• Susan Kuroski says:

      Thank you Dr. Collins for your rational response to those who insist that the war was fought strictly “to perpetuate the institution of slavery”. Like Mr Rawls, I continue to be fascinated by the war and have read numerous books on the topic. I especially enjoy first person accounts written during the war years. It is obvious from their writings that the vast majority of those involved had many reasons for the hardship and sacrifices they endured. There is no doubt that the institution of slavery was a major issue politically but was not the only issue for those who did the actual fighting.

    • Dean Charles Marshall says:

      We are no doubt kindred souls regarding the history of the Confederacy. Sadly I fear this Sesquicentennial is going to turn into a deplorable “gang rape” of the Confederacy by the despots of political correctness. The early salvos on CNN and the in the New York Times are not encouraging. I like using the analogy of “rattling the chains” of slavery by the PC crowd as their end all be all explanation for the Civil War. There’s never any objective discussion, it always ends up the same; the Union was righteous, the Confederacy was evil. Sometimes I think we’re just becoming a nation of idiot savants immersed in minutiae. If you have any suggestions to help broaden the discussion I’d be appreciative. Thank you.

      Dean Charles Marshall

      • michael hogan says:

        Dear Dean Charles Marshall,
        I have enjoyed your reviews on Amazon and your perceptive comments elsewhere on history. Please send me an email so we can connect. I would like to send you a book. You cnan get my contact information on my webpage.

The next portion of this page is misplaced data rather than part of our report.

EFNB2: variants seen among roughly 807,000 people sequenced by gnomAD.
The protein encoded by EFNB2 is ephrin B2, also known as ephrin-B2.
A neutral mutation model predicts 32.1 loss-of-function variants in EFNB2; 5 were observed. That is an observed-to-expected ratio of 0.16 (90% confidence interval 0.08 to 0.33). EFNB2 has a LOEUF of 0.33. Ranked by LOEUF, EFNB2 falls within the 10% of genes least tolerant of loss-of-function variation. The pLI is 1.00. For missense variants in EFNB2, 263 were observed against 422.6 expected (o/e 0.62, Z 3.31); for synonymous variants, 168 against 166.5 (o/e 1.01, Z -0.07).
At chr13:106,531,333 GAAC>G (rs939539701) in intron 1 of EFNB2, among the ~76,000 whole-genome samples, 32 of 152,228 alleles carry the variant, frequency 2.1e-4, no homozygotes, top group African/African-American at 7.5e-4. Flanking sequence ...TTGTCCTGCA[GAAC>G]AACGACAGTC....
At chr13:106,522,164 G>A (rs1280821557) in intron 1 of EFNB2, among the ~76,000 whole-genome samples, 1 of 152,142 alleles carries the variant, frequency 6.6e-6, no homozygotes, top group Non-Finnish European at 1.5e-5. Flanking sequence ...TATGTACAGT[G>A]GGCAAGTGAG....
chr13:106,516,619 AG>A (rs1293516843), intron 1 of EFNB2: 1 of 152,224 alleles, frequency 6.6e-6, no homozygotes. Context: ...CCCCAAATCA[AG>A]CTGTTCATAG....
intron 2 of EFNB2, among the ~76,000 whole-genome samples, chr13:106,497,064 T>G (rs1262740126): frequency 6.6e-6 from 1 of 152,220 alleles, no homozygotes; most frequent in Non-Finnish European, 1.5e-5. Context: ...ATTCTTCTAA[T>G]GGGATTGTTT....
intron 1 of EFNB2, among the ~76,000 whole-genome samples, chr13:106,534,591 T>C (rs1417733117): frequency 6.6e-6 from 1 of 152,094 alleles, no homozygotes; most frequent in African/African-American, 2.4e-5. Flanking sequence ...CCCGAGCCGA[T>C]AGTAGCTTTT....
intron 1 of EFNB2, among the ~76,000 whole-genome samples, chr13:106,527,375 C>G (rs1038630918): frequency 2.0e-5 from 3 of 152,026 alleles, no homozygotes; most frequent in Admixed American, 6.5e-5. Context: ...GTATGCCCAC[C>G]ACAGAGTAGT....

5. Terry says:

    I am surprised at anyone claiming the war was over slavery with the abundant evidence to the contrary today. Clearly shows ignorance or bias. I have nine (9) ancestors that fought in the war. Not one of them owned a slave. Facts are that less than five (5) percent of Southerners owned slaves before the war. More Northerners owned slaves than Southerners!!

    For the truth read Thomas DiLorenzo’s “Lincoln Unmasked,” and “The Real Lincoln,” and Joanne Melish’s, “Disowning Slavery.”

    A peacefully negotiated secession was the best way to handle all the problems facing Americans in 1860. A war of coercion was Lincoln’s creation. It sometimes takes a century or more to bring an important historical event into perspective. This study does just that and leaves the reader asking, “Why didn’t we know this before?” Donald Livingston, professor of philosophy, Emory University

    • JW says:

      The war was about revenue. The North needed those high 85%$ tariffs from the South to finance the government. If it was about slavery why did it take 2 years for Lincoln to free them? Oh, but he only freed the ones in the South, when he had no jurisdiction at the time. I get tired of hearing from Northern historians who are Lincolnites and liars. I love the code word, kindred souls….

  6. Rick Wehrheim says: